<parts interface="AP"> <part operation="flash" partition="ota" filename="T77W968.F1." MD5="f1adb38b5b0f489c327d71bfb9fdcd12"/> </parts>

Once the OTA file is completely downloaded and installed, fwupd will trigger a reset of the module also using the fastboot protocol, and the device will boot from scratch on the newly installed firmware version. During this initial boot, the module will report itself running in a “default” configuration not associated to any carrier, because the OTA file update process involves fully removing all installed carrier-specific MCFG files.

The second upgrade cycle performed by fwupd once the modem is detected again involves downloading all carrier-specific MCFG files one by one into the module using the QMI PDC protocol. Once all are downloaded, fwupd will activate the specific carrier configuration that was previously active before the download was started. E.g. if the module was running with the Vodafone-specific carrier configuration before the upgrade, fwupd will select the Vodafone-specific carrier configuration after the upgrade. The module would be reseted one last time using the QMI DMS protocol as a last step of the upgrade procedure.

5) fwupd removes device inhibition from ModemManager

The upgrade logic will finish by removing the device inhibition from ModemManager using InhibitDevice(FALSE) explicitly. At that point, ModemManager would re-detect and re-probe the modem from scratch, which should already be running in the newly installed firmware and with the newly selected carrier configuration.

Swayamjeet Swain: Pitivi – Making a Nest

Planet GNOME - Mër, 03/07/2019 - 10:08pd

Pitivi is an open source video editing software for Linux. It provides creatives with a simple and elegant interface to edit and bring their videos to realisation. As with every other great software, Pitivi’s development community is always striving to add newer and better features. This year I participated in the Google Summer of Code to add the ‘Nesting’ Feature to the platform. I am currently working on this with my mentor Thiblahute Saunier. In this blog I chart out our current progress and the future tasks at hand.

Nesting Clips:

With nesting users can combine a series of sequences into a master clip. This master clip can be edited on like a normal clip, while simultaneously providing users the ability to go into the master clip’s timeline and make changes. This will help them to organise the timeline, enable re-usability of sequences and provide a richer user experience. 

Nesting in Adobe Premiere Pro

(Here is a link to better understand Nesting: )

For the past weeks we have been working on the back-end, Gstreamer Editing Services(GES) to implement nesting of clips in a timeline. Earlier with ges-launch-1.0 we could create a timeline, load several clips to it with +clip , add effects to them +effect, set it’s property etc, now with ges-launch-1.0 .xges file can be used as source and nested timelines can be created.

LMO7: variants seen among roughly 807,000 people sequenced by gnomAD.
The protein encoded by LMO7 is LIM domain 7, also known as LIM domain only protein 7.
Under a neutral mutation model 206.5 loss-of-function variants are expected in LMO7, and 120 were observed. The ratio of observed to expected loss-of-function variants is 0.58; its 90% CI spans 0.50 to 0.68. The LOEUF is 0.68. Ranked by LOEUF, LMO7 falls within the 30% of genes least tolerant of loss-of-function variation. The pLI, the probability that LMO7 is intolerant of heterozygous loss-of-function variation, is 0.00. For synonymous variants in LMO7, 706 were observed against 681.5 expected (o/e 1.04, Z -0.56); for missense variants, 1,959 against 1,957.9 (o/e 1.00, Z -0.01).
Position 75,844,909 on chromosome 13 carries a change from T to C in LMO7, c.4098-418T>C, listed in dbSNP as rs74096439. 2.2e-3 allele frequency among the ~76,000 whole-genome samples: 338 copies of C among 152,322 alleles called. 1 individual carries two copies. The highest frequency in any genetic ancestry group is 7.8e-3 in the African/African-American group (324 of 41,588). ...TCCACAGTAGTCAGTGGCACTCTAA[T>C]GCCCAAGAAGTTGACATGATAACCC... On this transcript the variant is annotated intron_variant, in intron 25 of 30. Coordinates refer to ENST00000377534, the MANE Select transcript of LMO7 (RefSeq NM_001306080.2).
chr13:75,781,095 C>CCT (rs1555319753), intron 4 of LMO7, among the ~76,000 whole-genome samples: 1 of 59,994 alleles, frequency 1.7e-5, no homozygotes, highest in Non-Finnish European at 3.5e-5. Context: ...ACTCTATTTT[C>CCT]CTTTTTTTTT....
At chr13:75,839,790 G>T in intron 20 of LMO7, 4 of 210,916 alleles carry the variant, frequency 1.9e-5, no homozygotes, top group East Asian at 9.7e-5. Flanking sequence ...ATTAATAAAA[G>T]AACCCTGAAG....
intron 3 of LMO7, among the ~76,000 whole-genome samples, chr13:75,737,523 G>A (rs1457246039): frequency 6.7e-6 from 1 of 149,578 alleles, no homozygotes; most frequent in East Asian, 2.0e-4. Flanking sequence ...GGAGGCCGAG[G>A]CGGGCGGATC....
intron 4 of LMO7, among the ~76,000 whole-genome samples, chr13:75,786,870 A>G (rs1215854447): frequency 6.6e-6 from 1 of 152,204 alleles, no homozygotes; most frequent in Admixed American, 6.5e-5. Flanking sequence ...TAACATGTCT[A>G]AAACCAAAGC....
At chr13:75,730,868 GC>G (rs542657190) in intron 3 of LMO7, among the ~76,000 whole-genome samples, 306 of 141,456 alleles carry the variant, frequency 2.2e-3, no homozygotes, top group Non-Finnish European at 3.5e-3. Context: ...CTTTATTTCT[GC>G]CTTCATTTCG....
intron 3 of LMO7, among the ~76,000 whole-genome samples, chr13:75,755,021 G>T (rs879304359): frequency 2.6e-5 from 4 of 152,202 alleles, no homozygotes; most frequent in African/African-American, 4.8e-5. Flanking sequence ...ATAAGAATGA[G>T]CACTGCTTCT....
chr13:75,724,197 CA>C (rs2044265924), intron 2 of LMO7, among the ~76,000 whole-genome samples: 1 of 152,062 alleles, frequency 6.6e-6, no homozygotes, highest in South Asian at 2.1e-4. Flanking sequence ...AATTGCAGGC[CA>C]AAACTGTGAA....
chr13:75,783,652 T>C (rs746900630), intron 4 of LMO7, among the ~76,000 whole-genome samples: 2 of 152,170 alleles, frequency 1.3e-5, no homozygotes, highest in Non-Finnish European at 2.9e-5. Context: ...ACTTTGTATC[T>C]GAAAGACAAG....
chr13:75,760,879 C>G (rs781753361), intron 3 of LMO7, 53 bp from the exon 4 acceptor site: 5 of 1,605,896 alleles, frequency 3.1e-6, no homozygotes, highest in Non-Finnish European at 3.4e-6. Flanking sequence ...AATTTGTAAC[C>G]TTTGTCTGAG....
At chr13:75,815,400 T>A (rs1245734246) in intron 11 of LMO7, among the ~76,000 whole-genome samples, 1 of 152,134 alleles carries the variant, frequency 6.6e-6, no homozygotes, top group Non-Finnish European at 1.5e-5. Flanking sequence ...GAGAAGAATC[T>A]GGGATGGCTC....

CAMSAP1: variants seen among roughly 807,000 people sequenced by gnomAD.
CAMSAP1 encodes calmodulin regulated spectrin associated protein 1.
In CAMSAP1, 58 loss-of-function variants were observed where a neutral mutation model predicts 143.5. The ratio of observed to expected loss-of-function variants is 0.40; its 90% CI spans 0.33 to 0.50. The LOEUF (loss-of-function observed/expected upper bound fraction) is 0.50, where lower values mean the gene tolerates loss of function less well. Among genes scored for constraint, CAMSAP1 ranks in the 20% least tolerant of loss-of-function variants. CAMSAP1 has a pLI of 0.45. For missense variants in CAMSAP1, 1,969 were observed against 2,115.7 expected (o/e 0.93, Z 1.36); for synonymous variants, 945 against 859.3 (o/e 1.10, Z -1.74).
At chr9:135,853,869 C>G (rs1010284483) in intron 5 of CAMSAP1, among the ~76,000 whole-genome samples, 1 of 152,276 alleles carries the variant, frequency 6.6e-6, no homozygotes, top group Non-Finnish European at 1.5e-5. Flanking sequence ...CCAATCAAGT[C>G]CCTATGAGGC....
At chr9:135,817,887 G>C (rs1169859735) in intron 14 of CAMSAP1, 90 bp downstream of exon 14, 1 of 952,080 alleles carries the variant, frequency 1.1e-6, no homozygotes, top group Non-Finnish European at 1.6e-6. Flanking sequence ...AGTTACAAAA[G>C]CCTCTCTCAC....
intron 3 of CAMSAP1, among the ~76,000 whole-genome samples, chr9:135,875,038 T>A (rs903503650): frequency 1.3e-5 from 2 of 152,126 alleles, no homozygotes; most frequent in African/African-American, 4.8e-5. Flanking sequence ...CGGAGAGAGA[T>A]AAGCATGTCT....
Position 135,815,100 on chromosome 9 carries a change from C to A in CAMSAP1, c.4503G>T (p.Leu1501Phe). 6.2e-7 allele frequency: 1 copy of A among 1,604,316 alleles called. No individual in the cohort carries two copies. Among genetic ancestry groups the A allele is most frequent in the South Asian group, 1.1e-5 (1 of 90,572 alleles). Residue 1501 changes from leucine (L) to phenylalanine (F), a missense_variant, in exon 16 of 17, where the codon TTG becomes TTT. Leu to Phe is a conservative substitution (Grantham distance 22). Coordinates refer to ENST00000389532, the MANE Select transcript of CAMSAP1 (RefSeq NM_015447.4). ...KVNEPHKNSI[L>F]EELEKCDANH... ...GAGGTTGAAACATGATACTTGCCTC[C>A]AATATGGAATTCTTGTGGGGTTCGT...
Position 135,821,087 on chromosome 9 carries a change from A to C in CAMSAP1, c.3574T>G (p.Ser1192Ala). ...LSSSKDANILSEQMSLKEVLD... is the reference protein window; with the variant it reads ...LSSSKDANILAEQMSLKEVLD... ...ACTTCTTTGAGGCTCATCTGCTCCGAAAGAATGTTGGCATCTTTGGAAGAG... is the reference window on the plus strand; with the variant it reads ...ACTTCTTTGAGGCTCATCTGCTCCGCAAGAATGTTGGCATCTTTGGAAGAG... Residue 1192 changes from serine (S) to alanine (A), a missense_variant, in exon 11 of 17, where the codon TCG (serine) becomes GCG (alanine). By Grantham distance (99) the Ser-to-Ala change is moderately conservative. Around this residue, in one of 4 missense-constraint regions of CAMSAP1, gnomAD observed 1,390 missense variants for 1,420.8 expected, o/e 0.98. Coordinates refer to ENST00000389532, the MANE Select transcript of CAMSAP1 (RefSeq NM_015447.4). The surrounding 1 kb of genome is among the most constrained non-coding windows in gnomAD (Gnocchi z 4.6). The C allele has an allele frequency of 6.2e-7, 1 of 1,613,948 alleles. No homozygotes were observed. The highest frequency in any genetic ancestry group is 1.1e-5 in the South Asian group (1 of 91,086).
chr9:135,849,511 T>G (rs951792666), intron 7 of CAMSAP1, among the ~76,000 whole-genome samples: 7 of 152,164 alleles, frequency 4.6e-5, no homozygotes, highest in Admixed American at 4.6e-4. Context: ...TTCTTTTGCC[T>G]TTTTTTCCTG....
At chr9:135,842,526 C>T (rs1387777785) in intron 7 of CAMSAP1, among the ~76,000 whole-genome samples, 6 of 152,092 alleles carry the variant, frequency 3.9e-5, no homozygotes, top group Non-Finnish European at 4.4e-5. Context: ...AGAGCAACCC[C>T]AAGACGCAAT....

(Here is a link to ges-launch-1.0 documentation:

So while nesting in Pitivi, the idea is to create a new timeline, copy and paste the selected clips in this timeline, remove them from the main timeline and finally add the new timeline to the main timeline.

Now .xges file can be used as source and nested timelines can be created. So while nesting in Pitivi the idea is to create a new timeline, copy and paste the selected clips in this timeline, remove them from the main timeline and finally add the new timeline to the main timeline.


gst-validate-launcher is used to create test suites to test the behavior of the created pipelines and test the user actions as described in the .scenario files.

(Here is the link to gst-validate-launcher documentation: )

I have been busy implementing tests and writing scenarios for nesting. The test suite is working properly. For playback.nested tests, ges-launch-1.0 +clip is used to add the .xges file to the timeline instead of -l. Thanks to Thiblahute, most of the tests are passing successfully. So now ‘gst-validate-launcher ges’ generates and runs through the tests for Nesting.

The scenarios seek on nested timelines and check whether the outputted frame is correct. To be specific, they load a clip, serialize it in a .xges file, resulting in a nested timeline. It then loads the .xges file, seeks and checks the frame while moving them around in the layers and adding effects to the nested timeline. Basically, they emulate a user’s actions. Currently I am wrapping up a few scenarios.

The journey ahead:

The next part of the project will involve in the implementation and user interface of nesting in Pitivi. I had some ideas about the interface which I suggested in my proposal but we will be having rigorous discussions and decide the final interface.

My experience working in Pitivi:

In the past few weeks I’ve learnt and improved a lot. In the beginning I was a bit reserved and shy to tell my problems but after talking and getting to know my mentor, I think I’ve overcome that fear. The guidance of my mentor has been crucial in this journey. Until now he has done all of the heavy-lifting for the back-end all the while helping me to get up to speed. Hopefully now I will be able to take the reins and at the same time be able to learn more from him. I look forward to an amazing summer and the work we have in front of us.

Emmanuele Bassi: Constraint layouts